Oil prices fell on Wednesday after rising in the previous three sessions but losses were limited on the view that global supply tightness will continue as there is limited room for major producers such as Saudi Arabia to boost production. U.S. West Texas Intermediate (WTI) crude futures slid 44 cents, or 0.4%, to $111.32 a barrel, giving up earlier gains. Brent crude futures for August declined 61 cents, or 0.5%, to $117.37 a barrel, also turning an earlier gain.
Both Brent and WTI raised more than 2% on Tuesday as concerns over tight global supply outweighed fears that demand may slow in a potential future recession. The agreement by the Group of Seven economic powers to explore ways to cap the price of Russian oil also supported the market sentiment.
Saudi Arabia and the UAE have been seen as the only two members of the Organization of the Petroleum Exporting Countries (OPEC) with spare capacity to make up for lost Russian supply and weak output from other member nations. But UAE Energy Minister Suhail al-Mazrouei said on Monday the emirate was producing near the maximum capacity of its quota of 3.168 million barrels per day under the agreement with OPEC and its allies, together called OPEC+.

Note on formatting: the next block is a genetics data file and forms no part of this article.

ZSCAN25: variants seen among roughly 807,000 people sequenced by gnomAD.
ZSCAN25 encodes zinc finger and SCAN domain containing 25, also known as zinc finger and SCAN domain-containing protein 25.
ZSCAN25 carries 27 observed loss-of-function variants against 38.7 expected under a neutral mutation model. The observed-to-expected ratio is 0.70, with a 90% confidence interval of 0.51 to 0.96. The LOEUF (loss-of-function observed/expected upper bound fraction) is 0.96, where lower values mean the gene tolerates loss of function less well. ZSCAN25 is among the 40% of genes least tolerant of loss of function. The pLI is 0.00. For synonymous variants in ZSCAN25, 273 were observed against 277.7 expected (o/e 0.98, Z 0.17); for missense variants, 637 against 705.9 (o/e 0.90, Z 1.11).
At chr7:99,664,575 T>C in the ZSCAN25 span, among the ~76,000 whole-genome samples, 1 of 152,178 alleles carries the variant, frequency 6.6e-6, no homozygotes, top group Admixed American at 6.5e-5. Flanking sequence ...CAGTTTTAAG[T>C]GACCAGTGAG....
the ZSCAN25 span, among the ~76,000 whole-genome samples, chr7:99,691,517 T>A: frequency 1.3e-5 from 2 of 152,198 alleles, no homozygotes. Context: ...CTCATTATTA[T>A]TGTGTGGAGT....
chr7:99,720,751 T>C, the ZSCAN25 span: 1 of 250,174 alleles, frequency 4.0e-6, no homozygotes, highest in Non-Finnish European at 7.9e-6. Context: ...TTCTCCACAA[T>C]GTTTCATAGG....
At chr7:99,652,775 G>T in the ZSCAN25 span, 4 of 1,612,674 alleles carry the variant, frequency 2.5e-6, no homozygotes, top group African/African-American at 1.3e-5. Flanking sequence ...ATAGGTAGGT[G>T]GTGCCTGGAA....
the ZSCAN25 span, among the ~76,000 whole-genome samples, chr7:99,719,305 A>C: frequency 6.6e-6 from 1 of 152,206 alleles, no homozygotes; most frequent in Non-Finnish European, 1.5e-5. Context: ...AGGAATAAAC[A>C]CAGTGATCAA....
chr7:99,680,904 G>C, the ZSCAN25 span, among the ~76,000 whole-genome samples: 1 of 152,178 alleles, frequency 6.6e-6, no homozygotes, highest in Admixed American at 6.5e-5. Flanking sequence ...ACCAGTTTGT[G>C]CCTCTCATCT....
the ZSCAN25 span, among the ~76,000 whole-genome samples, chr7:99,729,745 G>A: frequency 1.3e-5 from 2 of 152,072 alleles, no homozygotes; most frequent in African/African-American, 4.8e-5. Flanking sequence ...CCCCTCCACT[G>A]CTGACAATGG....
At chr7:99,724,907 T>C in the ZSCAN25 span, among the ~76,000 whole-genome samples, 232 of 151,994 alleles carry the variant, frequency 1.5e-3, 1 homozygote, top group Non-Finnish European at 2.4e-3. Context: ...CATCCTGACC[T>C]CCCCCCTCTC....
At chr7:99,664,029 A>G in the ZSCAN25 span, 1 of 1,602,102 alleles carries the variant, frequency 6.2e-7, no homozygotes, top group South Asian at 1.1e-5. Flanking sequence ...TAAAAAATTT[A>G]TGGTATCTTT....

Inventory data in the U.S. did provide some sense of boosting fuel supply though. Stockpiles of gasoline for the week ending June 24 rose by 2.9 million barrels and distillate fuel supplies increased by 2.6 million barrels, according to market sources citing American Petroleum Institute figures on Tuesday. However, crude inventories fell by 3.8 million barrels.